When South Korea's Minister of Education George Paik first ordered his country's schools reopened last December, teachers and principals alike were ready to throw up their hands in despair. Nearly all of South Korea's schools and colleges had been closed during the Communist invasion; 40% of their buildings were bombed and shelled beyond repair; many others were left in shambles by retreating troops. But when principals protested to Paik that there were not enough school buildings left to go around, the minister stood firm. "Start schools outdoors," he commanded. "Hold classes in riverbeds, on mountainsidesanywhere."
By last week, as superintendents arrived from all over South Korea for a special education meeting in Pusan, they had surprising progress to report. As a result of Paik's insistence, some 60% of Korea's pupils were back in classes and nearly two-thirds of the nation's schools and colleges were back in operation. It was a record that a few months before had seemed impossible.
Open-Air Classrooms. The teachers had taken Paik's orders literally. Pusan's temporary Union College was meeting in the civil auditorium, studying up to the moment when movies were shown in the afternoon. On one hillside just outside of town, a girls' high school was holding forth in the shadow of a Japanese shrine, primary classes were meeting in a dried-up rivulet, and a boys' school was holding classes in a glen at the foot of the hill.
Elsewhere in South Korea, there were schools in railway stations, in gutted houses, in tents and in cemeteries. With or without books ("Teach from life!" Paik had ordered his bookless teachers), students were flocking again to classes in geography, math, English, science, art and civics. The girls helped to support their schools by raising chickens and selling eggs; the boys were beginning to rebuild their classrooms. At Andong, students have already made themselves three new school buildings of basket-woven sides plastered with mud.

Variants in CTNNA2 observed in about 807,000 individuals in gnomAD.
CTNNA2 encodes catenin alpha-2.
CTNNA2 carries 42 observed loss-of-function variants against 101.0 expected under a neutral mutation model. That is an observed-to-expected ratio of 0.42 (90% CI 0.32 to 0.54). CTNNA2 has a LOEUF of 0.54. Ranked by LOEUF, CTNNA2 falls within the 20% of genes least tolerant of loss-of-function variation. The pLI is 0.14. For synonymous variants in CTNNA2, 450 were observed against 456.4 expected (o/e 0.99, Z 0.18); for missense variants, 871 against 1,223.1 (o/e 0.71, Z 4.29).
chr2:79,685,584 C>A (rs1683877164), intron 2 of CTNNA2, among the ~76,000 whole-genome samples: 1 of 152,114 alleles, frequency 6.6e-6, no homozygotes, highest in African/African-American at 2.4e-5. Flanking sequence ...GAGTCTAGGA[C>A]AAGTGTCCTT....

Changing Spirit. For Minister Paik, the reopening of the schools is only the first part of a long-range plan he has for Korea. A Protestant educated in China and the U.S. (an M.A. in history at Princeton, a Ph.D. at Yale), he is doing his best to pull the Korean school system out of its old ruts. So far he has been unable to convince the National Assembly that local schools should be run and financed by their own school boards. But he has succeeded in restoring the study of Chinese characters to the curriculuma reform designed to reduce Korean provincialism by teaching the universal writing of the Orientand has already started introducing vocational training ("one skill for each person") in all high schools.
In time, Paik hopes to change the whole spirit of his country's schools. Students still suffer from the habits left by the 4O-year occupation of the Japanese. They still bow low to their teachers, rarely dare to question them. They still wear uniforms and caps marked with their school grade. They depend entirely on formal lectures, only to parrot them back on examinations.